Moderates, Conservatives Call for Changes to House Bill
House Republicans on Thursday began discussions about the fiscal year 2007 House budget resolution, with both moderates and conservatives "demanding concessions before they will agree" to vote in favor of the resolution next week, CQ Today reports (Dennis, CQ Today, 3/30).
The House budget resolution, approved on Wednesday by the House Budget Committee, includes $6.8 billion in spending reductions for entitlement programs but excludes reductions for Medicare and Medicaid. In addition, the House budget resolution includes an $873 billion cap on discretionary spending requested by President Bush.
Under the discretionary spending cap, spending for health and other nonsecurity programs would remain at about FY 2006 levels (California Healthline, 3/30).
Reps. Michael Castle (R-Del.) and Nancy Johnson (R-Conn.) and other moderate Republicans have called for an increase in the discretionary spending cap to ensure that health and other nonsecurity programs receive additional funds (CQ Today, 3/30).
House Majority Leader John Boehner (R-Ohio) said that he has discussed the issue with Johnson and that he believes he can address the concerns raised by moderates without an increase in the discretionary spending cap (Cohn, CongressDaily, 3/30). His plan to address the concerns raised by moderate Republicans "is unclear, but in the past funds have been shifted from defense and foreign affairs discretionary accounts to domestic programs to assuage moderates," CQ Today reports (CQ Today, 3/30).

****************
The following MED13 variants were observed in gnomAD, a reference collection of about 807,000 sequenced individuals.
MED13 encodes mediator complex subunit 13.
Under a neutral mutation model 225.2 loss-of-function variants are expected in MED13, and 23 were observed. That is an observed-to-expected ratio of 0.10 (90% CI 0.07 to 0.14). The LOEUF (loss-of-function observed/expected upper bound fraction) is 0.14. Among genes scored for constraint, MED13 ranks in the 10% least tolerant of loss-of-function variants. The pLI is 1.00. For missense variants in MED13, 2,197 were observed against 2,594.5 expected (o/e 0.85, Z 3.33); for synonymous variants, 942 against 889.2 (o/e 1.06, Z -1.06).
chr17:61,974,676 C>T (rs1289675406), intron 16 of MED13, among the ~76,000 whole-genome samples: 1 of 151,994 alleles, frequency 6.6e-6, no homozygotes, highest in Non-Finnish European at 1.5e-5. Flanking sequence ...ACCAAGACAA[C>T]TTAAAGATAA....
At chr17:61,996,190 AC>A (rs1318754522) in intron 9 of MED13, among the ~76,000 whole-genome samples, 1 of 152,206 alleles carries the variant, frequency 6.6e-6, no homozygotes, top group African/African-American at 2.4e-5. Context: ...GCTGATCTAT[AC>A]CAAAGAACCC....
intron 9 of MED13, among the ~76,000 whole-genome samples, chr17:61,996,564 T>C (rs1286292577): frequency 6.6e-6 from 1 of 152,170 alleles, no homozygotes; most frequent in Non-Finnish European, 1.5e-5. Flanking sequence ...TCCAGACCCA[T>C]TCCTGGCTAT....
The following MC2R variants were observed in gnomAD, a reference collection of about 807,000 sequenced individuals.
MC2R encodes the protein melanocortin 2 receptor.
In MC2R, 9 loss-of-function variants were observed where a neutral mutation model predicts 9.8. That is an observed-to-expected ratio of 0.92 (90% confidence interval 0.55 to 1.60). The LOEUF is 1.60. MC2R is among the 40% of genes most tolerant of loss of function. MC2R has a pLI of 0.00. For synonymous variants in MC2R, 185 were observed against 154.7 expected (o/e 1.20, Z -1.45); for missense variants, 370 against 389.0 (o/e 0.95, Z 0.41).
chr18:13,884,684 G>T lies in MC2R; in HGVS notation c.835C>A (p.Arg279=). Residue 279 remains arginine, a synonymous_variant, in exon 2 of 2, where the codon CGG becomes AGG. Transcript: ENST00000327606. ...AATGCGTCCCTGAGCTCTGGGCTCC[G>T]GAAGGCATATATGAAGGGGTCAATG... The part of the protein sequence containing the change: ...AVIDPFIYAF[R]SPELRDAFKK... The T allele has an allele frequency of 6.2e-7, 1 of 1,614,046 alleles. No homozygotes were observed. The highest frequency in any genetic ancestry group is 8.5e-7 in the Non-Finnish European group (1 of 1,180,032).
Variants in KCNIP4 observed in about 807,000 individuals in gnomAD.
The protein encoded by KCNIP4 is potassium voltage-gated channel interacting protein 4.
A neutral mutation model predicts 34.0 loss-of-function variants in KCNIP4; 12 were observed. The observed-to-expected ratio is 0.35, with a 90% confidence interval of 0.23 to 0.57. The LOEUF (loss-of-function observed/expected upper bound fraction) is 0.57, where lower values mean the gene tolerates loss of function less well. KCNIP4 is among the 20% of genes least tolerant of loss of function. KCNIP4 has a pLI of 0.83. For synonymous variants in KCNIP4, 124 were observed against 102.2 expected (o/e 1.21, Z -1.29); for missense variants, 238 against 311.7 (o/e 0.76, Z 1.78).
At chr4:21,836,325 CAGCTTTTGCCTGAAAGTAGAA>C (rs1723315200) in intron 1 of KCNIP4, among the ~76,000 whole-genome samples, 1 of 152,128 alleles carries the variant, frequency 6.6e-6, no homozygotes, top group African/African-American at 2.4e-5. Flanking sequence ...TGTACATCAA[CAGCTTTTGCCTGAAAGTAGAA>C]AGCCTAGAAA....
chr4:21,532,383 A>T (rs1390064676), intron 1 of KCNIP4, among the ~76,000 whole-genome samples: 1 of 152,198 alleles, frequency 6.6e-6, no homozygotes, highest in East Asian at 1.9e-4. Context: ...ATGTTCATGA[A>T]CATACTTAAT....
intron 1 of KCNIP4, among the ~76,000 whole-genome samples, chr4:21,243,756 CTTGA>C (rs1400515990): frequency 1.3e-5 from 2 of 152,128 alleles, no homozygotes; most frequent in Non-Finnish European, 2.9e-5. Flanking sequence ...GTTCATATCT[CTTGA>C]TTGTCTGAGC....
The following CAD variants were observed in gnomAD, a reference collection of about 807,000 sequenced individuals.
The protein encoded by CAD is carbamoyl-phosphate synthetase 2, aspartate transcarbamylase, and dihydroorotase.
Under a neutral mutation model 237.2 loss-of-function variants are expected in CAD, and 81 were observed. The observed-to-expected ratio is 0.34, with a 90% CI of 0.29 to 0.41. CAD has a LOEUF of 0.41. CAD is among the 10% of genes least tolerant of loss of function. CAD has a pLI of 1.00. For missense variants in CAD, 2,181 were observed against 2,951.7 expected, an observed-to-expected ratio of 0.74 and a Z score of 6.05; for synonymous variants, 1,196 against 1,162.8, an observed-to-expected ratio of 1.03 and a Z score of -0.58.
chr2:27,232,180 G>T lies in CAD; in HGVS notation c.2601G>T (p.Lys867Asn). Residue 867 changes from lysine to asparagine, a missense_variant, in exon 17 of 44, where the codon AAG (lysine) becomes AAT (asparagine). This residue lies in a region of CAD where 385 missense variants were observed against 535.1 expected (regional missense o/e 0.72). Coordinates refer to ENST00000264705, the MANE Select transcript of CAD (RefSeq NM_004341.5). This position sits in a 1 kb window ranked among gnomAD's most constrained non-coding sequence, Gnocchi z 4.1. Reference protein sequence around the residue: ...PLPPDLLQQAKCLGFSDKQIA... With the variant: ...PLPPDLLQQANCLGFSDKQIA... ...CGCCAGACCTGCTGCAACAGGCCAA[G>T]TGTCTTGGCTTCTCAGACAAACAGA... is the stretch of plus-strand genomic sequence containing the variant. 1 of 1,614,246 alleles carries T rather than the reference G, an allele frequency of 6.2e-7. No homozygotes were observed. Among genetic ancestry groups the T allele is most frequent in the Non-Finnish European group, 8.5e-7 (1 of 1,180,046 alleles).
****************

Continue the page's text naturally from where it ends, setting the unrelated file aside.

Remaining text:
However, House Appropriations Committee Chair Jerry Lewis (R-Calif.) said that he would not support such a plan until the Iraq war ends (CongressDaily, 3/30).
Rep. Mike Pence (R-Ind.), chair of the Republican Study Committee, told House Republican leaders that conservatives would not support the House budget resolution without stronger budget enforcement mechanisms. Pence also "warned leaders against adding spending on the House floor to appease GOP moderates," CQ Today reports (CQ Today, 3/30).
Boehner in a closed meeting with House Republicans on Wednesday "stressed the need for all GOP lawmakers to come together and support the budget once it's completed, even if they didn't get all the provisions they wanted" because the House budget resolution "will attract no Democratic votes and would need near-unanimous Republican support to pass," Roll Call reports (Yachnin, Roll Call, 3/30).
However, House Republicans this week "were privately expressing doubts the measure will even get to conference" with the Senate, which earlier this month approved a resolution with "far more spending," CongressDaily reports (Cohn, CongressDaily, 3/31).
Castle said, "There are about five or six people I've talked to who aren't voting for anything."
Rep. John Shadegg (R-Ariz.) said, "I don't think they have the votes yet" (CongressDaily, 3/30).